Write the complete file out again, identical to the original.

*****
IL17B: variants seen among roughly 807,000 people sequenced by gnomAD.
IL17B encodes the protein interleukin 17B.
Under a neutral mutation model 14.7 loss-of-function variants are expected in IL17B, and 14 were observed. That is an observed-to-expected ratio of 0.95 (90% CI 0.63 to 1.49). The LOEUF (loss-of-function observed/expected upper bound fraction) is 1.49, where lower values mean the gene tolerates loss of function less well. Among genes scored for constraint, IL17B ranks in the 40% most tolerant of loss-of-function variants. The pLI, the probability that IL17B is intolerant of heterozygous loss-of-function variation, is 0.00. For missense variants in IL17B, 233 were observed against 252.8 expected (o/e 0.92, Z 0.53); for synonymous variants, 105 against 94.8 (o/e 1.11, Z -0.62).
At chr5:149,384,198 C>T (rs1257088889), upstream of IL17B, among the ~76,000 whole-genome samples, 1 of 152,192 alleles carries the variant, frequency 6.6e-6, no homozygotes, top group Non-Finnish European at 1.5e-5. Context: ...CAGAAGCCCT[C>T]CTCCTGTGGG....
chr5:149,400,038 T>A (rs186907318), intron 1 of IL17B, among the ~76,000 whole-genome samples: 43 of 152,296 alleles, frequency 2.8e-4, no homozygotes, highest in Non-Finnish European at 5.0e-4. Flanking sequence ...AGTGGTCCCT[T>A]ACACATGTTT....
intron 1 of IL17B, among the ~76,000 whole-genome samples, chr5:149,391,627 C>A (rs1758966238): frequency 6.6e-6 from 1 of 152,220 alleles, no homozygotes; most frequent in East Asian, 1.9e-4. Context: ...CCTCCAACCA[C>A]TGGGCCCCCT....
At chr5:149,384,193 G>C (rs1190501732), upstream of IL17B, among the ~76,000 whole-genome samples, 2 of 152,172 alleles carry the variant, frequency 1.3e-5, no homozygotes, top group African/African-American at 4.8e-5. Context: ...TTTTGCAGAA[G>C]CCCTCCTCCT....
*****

IL17B: variants seen among roughly 807,000 people sequenced by gnomAD.
IL17B encodes the protein interleukin 17B.
Under a neutral mutation model 14.7 loss-of-function variants are expected in IL17B, and 14 were observed. That is an observed-to-expected ratio of 0.95 (90% CI 0.63 to 1.49). The LOEUF (loss-of-function observed/expected upper bound fraction) is 1.49, where lower values mean the gene tolerates loss of function less well. Among genes scored for constraint, IL17B ranks in the 40% most tolerant of loss-of-function variants. The pLI, the probability that IL17B is intolerant of heterozygous loss-of-function variation, is 0.00. For missense variants in IL17B, 233 were observed against 252.8 expected (o/e 0.92, Z 0.53); for synonymous variants, 105 against 94.8 (o/e 1.11, Z -0.62).
At chr5:149,384,198 C>T (rs1257088889), upstream of IL17B, among the ~76,000 whole-genome samples, 1 of 152,192 alleles carries the variant, frequency 6.6e-6, no homozygotes, top group Non-Finnish European at 1.5e-5. Context: ...CAGAAGCCCT[C>T]CTCCTGTGGG....
chr5:149,400,038 T>A (rs186907318), intron 1 of IL17B, among the ~76,000 whole-genome samples: 43 of 152,296 alleles, frequency 2.8e-4, no homozygotes, highest in Non-Finnish European at 5.0e-4. Flanking sequence ...AGTGGTCCCT[T>A]ACACATGTTT....
intron 1 of IL17B, among the ~76,000 whole-genome samples, chr5:149,391,627 C>A (rs1758966238): frequency 6.6e-6 from 1 of 152,220 alleles, no homozygotes; most frequent in East Asian, 1.9e-4. Context: ...CCTCCAACCA[C>A]TGGGCCCCCT....
At chr5:149,384,193 G>C (rs1190501732), upstream of IL17B, among the ~76,000 whole-genome samples, 2 of 152,172 alleles carry the variant, frequency 1.3e-5, no homozygotes, top group African/African-American at 4.8e-5. Context: ...TTTTGCAGAA[G>C]CCCTCCTCCT....